Patrick Barkham’s guide to North Norfolk
17th May 2023
The Norfolk-based natural history writer and President of the Norfolk Wildlife Trust talks butterflies, belemnites and off the beaten track discoveries
Words: Harriet Cooper
I love Warham Camp, an Iron Age hill fort, it’s literally my favourite place in North Norfolk. There is something mystical about it; it makes you think about time and history, and the people who lived here many years ago. In summer, it’s full of flowers and I go there with my butterfly-mad daughter to admire the Chalkhill Blues.
The beach at Trimingham, just beyond Overstrand, is another hidden spot. The sandy cliffs are the highest in Norfolk; follow a path down to the beach, which is almost always empty. It’s great for fossil-hunting – you can find lots of belemnites and other nice fossils.
If you only have an hour, go to Holkham (www.holkham.co.uk). You experience the peace and majesty of the spectacular sandy beach and Holkham Bay; then you have the nature reserve with its marshes and wetlands. And then there’s the Hall and a decent cafe and pub.
NWT Holme Dunes nature reserve is wild and interesting (www.norfolkwildlifetrust.org.uk). It’s a brilliant place for knots and pink-footed geese in winter and you get lots of lovely wading birds, like avocets, in the summer, also marsh harriers and natterjack toads.
We’ve done a few trips with Coastal Exploration Company, pictured right, (www.coastalexplorationcompany.co.uk). You go into the salt marshes between Wells and Stiffkey on a traditional wooden boat for a creek swim and a slap-up breakfast. Henry and his team are so respectful of the environment – it’s about as eco-friendly as tourism can get.
Muckleburgh is a great place for kids. You’ve got the Muckleburgh Military Collection, a collection of tanks and memorabilia (www.muckleburgh.co.uk). Next door is a lovely example of the secret eskers of North Norfolk, the small but steep hills which are deposits of sand and shingle left behind by the glaciers. Climbing to the top takes about 15 minutes and the views are great. A little bit of elevation goes a long way in such a flat place.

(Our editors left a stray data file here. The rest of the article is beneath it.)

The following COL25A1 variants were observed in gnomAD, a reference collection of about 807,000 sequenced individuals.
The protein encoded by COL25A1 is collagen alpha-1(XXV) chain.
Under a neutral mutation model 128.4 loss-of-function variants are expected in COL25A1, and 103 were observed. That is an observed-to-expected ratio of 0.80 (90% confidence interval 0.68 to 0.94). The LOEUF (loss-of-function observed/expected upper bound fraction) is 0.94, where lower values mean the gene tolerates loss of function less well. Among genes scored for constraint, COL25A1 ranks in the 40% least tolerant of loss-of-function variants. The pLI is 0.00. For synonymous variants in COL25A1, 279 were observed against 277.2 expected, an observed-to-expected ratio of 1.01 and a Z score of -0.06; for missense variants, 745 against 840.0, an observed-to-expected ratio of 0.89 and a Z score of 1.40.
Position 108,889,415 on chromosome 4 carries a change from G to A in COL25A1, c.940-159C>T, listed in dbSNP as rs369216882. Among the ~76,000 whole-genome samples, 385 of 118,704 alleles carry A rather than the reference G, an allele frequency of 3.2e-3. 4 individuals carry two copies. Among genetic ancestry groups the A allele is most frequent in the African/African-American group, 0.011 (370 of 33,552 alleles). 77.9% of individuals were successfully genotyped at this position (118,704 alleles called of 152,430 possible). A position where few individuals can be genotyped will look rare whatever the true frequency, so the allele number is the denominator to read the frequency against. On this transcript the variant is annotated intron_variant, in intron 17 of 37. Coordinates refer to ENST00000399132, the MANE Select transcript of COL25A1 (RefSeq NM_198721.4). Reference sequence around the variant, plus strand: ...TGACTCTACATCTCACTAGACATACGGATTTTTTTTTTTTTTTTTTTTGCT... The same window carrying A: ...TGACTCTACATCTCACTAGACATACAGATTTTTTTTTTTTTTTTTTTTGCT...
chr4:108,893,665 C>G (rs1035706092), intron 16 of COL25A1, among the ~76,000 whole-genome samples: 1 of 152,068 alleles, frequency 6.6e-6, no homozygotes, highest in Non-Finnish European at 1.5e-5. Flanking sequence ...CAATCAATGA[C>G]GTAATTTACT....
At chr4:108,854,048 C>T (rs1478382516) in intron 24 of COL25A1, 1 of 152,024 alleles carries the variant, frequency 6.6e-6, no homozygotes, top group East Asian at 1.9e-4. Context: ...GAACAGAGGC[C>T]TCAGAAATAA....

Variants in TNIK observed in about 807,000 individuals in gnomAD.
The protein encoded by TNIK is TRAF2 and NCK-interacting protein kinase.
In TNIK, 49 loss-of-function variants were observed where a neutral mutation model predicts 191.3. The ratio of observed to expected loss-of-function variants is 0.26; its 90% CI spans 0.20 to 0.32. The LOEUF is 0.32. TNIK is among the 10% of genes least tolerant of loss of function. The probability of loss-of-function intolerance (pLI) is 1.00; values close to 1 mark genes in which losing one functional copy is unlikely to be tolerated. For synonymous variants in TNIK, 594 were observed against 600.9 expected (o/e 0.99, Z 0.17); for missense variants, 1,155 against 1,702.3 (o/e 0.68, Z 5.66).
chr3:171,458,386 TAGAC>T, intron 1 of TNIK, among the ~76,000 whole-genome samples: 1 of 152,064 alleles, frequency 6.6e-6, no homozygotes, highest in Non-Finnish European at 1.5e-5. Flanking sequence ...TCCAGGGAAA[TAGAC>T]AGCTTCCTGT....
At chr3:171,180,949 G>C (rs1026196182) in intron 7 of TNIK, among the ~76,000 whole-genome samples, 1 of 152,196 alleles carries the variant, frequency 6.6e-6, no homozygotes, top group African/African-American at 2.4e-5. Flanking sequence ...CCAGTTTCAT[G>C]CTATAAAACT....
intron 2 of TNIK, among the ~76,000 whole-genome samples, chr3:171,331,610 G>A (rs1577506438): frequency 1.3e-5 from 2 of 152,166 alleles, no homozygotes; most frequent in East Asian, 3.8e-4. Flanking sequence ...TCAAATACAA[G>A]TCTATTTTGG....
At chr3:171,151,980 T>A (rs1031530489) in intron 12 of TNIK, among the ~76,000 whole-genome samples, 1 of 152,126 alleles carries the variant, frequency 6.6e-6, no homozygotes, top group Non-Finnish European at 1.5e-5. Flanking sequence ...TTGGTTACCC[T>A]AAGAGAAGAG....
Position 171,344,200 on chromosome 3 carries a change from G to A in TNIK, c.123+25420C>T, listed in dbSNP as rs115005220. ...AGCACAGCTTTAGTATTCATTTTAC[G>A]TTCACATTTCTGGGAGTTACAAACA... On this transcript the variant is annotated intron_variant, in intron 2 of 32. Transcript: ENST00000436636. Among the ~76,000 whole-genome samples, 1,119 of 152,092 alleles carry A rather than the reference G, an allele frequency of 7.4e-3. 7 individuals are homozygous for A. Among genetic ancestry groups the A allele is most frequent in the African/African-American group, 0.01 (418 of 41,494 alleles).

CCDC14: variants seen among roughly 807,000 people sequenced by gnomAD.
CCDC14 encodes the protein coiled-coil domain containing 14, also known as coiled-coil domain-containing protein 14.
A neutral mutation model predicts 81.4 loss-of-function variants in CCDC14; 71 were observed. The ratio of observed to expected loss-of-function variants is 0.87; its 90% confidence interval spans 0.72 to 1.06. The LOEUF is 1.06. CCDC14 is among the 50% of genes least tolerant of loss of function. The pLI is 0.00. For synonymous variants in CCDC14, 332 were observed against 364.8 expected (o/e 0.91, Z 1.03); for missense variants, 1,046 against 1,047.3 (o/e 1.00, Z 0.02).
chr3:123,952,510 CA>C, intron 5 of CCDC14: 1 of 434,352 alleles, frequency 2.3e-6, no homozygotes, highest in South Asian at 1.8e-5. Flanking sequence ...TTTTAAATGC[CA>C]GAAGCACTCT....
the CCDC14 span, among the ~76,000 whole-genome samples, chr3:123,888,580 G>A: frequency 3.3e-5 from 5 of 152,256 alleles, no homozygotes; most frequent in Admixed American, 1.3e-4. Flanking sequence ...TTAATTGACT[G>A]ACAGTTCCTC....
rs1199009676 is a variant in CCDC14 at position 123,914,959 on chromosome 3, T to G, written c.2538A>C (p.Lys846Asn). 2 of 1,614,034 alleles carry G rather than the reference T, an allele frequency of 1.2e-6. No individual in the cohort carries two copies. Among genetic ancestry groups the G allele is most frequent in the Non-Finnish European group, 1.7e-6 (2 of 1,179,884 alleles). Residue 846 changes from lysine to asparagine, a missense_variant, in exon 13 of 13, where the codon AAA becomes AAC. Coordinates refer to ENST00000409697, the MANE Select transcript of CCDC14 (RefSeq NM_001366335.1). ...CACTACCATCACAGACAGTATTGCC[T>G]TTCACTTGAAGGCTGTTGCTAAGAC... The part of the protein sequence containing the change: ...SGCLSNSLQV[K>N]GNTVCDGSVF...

I love eating at The Three Horsehoes in Warham (www.warhamhorseshoes.co.uk). It’s a beautifully restored, traditional country pub with really nice food. No1 Cromer (www.no1cromer.com) is the best for fish and chips and when I’m in Wells, I alternate between Plattens (www.plattensfishandchips.co.uk) and French’s (www.frenchs.co.uk).
On a balmy evening I like The Golden Fleece on Wells harbour (www.goldenfleecewells.co.uk). Or The Globe, overlooking the Buttlands, pictured right, (www.theglobeatwells.co.uk). They offer two very different experiences, but you can sit at either and feel like you’re out in the world enjoying the sunshine.
The Real Ale Shop on Branthill Farm is tucked away on the Holkham Estate (www.therealaleshop.co.uk). It sells real ales, brewed with barley that’s grown in the surrounding fields. I also visit Arthur Howell on Staithe Street in Wells, a long-standing butcher with local meats and game.
The whole Staithe Street shopping experience in Wells is lovely. I really like ML. Walsingham & Son, the DIY store, it sells literally everything, and This & That, which is a discount store. And my wife loves Glitter & Mud (www.glitterandmud.co.uk).
Walsingham Gallery & Framing at Great Walsingham Barns has some really nice prints and original works (www.walsinghamgalleryandframing.co.uk). When it comes to local artists, I admire Kieron Williamson (www.kieronwilliamson.com). He started painting at the age of five when he was called the ‘mini Monet’. He’s 20 now and his traditional oil landscapes are really collectable.
If I was to describe North Norfolk in three words they would be… In perfect harmony. To me, people and nature are in perfect balance in North Norfolk.
The Swimmer: The Wild Life of Roger Deakin by Patrick Barkham is published on 25 May (Hamish Hamilton, £20)